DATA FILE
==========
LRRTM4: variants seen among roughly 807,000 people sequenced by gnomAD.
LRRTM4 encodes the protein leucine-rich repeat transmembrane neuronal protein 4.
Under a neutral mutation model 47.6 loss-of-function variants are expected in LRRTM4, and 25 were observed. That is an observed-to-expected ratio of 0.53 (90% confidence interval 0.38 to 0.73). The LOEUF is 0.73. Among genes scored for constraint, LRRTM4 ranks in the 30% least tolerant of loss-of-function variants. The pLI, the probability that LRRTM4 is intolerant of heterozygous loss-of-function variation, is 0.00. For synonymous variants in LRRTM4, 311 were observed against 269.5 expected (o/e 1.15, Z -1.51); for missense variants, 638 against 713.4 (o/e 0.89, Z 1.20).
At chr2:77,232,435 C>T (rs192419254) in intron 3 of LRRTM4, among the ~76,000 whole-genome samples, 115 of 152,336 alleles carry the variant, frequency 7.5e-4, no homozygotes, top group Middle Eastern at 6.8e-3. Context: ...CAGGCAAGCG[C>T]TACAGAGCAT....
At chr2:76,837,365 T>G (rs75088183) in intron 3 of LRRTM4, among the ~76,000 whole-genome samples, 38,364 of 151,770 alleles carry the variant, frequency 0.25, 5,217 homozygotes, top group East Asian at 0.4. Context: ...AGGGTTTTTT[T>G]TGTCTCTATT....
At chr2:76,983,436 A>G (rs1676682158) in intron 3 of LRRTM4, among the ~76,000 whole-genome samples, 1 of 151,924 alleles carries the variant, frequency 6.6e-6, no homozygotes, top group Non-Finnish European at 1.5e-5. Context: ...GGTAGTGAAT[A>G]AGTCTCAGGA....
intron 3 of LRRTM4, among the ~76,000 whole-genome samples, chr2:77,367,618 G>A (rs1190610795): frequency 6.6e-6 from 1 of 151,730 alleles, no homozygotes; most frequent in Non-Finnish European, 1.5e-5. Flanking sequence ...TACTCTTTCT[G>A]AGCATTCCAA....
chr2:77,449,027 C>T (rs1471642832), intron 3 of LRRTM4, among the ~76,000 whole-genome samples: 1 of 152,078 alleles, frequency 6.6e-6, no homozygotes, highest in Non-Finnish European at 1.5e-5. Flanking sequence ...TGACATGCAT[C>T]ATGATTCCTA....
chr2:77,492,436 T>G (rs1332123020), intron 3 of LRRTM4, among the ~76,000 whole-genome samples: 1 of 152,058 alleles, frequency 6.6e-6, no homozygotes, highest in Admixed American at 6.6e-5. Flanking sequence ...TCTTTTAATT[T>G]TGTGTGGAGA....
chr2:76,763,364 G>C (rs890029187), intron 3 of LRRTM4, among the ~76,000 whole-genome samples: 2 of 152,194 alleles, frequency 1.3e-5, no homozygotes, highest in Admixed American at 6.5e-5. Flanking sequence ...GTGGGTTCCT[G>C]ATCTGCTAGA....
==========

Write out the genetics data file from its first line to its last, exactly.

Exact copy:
LRRTM4: variants seen among roughly 807,000 people sequenced by gnomAD.
LRRTM4 encodes the protein leucine-rich repeat transmembrane neuronal protein 4.
Under a neutral mutation model 47.6 loss-of-function variants are expected in LRRTM4, and 25 were observed. That is an observed-to-expected ratio of 0.53 (90% confidence interval 0.38 to 0.73). The LOEUF is 0.73. Among genes scored for constraint, LRRTM4 ranks in the 30% least tolerant of loss-of-function variants. The pLI, the probability that LRRTM4 is intolerant of heterozygous loss-of-function variation, is 0.00. For synonymous variants in LRRTM4, 311 were observed against 269.5 expected (o/e 1.15, Z -1.51); for missense variants, 638 against 713.4 (o/e 0.89, Z 1.20).
At chr2:77,232,435 C>T (rs192419254) in intron 3 of LRRTM4, among the ~76,000 whole-genome samples, 115 of 152,336 alleles carry the variant, frequency 7.5e-4, no homozygotes, top group Middle Eastern at 6.8e-3. Context: ...CAGGCAAGCG[C>T]TACAGAGCAT....
At chr2:76,837,365 T>G (rs75088183) in intron 3 of LRRTM4, among the ~76,000 whole-genome samples, 38,364 of 151,770 alleles carry the variant, frequency 0.25, 5,217 homozygotes, top group East Asian at 0.4. Context: ...AGGGTTTTTT[T>G]TGTCTCTATT....
At chr2:76,983,436 A>G (rs1676682158) in intron 3 of LRRTM4, among the ~76,000 whole-genome samples, 1 of 151,924 alleles carries the variant, frequency 6.6e-6, no homozygotes, top group Non-Finnish European at 1.5e-5. Context: ...GGTAGTGAAT[A>G]AGTCTCAGGA....
intron 3 of LRRTM4, among the ~76,000 whole-genome samples, chr2:77,367,618 G>A (rs1190610795): frequency 6.6e-6 from 1 of 151,730 alleles, no homozygotes; most frequent in Non-Finnish European, 1.5e-5. Flanking sequence ...TACTCTTTCT[G>A]AGCATTCCAA....
chr2:77,449,027 C>T (rs1471642832), intron 3 of LRRTM4, among the ~76,000 whole-genome samples: 1 of 152,078 alleles, frequency 6.6e-6, no homozygotes, highest in Non-Finnish European at 1.5e-5. Flanking sequence ...TGACATGCAT[C>T]ATGATTCCTA....
chr2:77,492,436 T>G (rs1332123020), intron 3 of LRRTM4, among the ~76,000 whole-genome samples: 1 of 152,058 alleles, frequency 6.6e-6, no homozygotes, highest in Admixed American at 6.6e-5. Flanking sequence ...TCTTTTAATT[T>G]TGTGTGGAGA....
chr2:76,763,364 G>C (rs890029187), intron 3 of LRRTM4, among the ~76,000 whole-genome samples: 2 of 152,194 alleles, frequency 1.3e-5, no homozygotes, highest in Admixed American at 6.5e-5. Flanking sequence ...GTGGGTTCCT[G>C]ATCTGCTAGA....